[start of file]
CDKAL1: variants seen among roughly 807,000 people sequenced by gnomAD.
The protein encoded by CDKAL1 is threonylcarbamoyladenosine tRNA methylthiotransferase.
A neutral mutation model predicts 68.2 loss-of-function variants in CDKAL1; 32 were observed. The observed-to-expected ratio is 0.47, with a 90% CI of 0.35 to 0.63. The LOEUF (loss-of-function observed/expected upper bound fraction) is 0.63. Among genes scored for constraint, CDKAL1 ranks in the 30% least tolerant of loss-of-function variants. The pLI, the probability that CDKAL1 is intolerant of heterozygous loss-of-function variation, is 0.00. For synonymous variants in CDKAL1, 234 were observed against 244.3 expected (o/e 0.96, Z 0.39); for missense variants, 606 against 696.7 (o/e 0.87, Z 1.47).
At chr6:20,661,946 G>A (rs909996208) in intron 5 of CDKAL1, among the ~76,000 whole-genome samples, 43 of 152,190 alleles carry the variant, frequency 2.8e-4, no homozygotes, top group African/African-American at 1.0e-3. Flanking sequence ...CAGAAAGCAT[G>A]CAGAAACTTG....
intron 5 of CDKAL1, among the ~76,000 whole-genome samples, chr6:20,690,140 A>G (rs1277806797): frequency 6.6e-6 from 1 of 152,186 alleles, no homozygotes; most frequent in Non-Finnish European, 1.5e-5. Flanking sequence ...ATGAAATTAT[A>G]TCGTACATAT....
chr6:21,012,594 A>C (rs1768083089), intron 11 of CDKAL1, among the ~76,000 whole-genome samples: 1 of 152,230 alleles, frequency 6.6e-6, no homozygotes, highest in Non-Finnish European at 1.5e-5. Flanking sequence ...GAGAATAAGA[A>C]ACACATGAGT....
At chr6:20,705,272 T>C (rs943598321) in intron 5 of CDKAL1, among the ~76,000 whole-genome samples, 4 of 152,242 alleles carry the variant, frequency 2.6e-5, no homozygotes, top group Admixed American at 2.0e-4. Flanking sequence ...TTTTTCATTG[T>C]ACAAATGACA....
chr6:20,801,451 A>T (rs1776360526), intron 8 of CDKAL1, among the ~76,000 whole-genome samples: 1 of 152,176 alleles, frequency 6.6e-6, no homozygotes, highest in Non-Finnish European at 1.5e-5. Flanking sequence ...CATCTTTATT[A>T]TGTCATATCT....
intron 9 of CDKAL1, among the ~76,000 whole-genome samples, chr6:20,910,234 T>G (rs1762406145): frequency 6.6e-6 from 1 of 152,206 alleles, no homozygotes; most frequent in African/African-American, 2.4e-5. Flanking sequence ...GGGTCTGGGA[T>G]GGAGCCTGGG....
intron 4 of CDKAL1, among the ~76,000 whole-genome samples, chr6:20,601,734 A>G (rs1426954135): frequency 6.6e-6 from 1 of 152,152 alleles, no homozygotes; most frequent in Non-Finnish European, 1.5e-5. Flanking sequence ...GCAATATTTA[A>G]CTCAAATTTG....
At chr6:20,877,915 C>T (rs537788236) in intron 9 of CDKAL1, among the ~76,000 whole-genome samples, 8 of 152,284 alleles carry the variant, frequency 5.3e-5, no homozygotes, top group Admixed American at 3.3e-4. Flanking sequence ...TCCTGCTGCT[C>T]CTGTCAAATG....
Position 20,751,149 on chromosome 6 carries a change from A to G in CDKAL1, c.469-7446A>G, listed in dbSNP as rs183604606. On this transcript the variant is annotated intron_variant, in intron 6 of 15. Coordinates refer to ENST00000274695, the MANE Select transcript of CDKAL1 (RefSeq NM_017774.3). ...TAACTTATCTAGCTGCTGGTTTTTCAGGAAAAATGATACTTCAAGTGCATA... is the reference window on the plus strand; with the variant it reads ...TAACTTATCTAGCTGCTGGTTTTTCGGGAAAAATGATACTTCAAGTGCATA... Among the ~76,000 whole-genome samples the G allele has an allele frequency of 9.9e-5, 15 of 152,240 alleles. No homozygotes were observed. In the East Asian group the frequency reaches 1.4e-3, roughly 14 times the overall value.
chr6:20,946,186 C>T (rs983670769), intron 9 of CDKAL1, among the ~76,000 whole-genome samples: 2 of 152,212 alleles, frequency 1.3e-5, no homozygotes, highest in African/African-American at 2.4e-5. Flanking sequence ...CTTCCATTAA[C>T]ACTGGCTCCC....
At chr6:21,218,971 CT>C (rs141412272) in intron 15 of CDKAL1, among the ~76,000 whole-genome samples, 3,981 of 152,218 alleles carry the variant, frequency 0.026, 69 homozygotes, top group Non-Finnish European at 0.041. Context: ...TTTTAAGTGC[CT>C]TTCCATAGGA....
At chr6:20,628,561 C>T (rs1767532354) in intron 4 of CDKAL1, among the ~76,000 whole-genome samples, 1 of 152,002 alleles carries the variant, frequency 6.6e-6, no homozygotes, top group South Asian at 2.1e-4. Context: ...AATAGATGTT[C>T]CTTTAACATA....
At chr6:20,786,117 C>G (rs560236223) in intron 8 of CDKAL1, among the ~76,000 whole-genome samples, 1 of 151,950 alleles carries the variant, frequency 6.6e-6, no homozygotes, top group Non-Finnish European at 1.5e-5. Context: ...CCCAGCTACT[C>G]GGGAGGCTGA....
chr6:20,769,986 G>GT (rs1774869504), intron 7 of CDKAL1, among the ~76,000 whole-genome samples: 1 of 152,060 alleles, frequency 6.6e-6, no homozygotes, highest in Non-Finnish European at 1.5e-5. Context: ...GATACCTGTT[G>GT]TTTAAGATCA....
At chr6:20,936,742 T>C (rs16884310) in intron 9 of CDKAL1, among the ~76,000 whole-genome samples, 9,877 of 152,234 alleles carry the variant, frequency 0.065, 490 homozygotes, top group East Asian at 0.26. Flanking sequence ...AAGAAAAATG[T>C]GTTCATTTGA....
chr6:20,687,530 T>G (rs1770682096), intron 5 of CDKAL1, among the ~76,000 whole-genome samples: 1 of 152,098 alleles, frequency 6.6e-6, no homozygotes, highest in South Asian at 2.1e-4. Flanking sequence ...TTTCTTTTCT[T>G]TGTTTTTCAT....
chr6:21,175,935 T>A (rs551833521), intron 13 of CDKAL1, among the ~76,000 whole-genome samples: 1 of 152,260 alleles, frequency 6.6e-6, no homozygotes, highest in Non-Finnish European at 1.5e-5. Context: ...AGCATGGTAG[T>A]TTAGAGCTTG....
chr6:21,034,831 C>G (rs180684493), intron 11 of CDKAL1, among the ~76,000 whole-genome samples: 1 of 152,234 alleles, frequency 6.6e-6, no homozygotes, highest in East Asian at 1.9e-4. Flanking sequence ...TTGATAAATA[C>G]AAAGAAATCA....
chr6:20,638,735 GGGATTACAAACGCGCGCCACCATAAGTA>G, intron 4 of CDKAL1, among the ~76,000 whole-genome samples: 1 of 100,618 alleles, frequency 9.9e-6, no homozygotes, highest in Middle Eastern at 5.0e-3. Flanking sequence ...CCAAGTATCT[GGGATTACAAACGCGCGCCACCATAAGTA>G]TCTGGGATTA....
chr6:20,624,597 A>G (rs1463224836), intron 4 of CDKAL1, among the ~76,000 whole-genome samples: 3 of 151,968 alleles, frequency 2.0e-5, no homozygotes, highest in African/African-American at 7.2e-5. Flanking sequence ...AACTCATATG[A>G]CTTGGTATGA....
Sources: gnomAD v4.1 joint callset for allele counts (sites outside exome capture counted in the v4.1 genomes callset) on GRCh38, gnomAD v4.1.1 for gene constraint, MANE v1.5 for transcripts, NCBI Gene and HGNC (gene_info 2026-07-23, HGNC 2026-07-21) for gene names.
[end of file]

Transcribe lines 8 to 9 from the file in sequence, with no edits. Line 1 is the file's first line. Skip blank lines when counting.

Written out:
chr6:20,801,451 A>T (rs1776360526), intron 8 of CDKAL1, among the ~76,000 whole-genome samples: 1 of 152,176 alleles, frequency 6.6e-6, no homozygotes, highest in Non-Finnish European at 1.5e-5. Flanking sequence ...CATCTTTATT[A>T]TGTCATATCT....
intron 9 of CDKAL1, among the ~76,000 whole-genome samples, chr6:20,910,234 T>G (rs1762406145): frequency 6.6e-6 from 1 of 152,206 alleles, no homozygotes; most frequent in African/African-American, 2.4e-5. Flanking sequence ...GGGTCTGGGA[T>G]GGAGCCTGGG....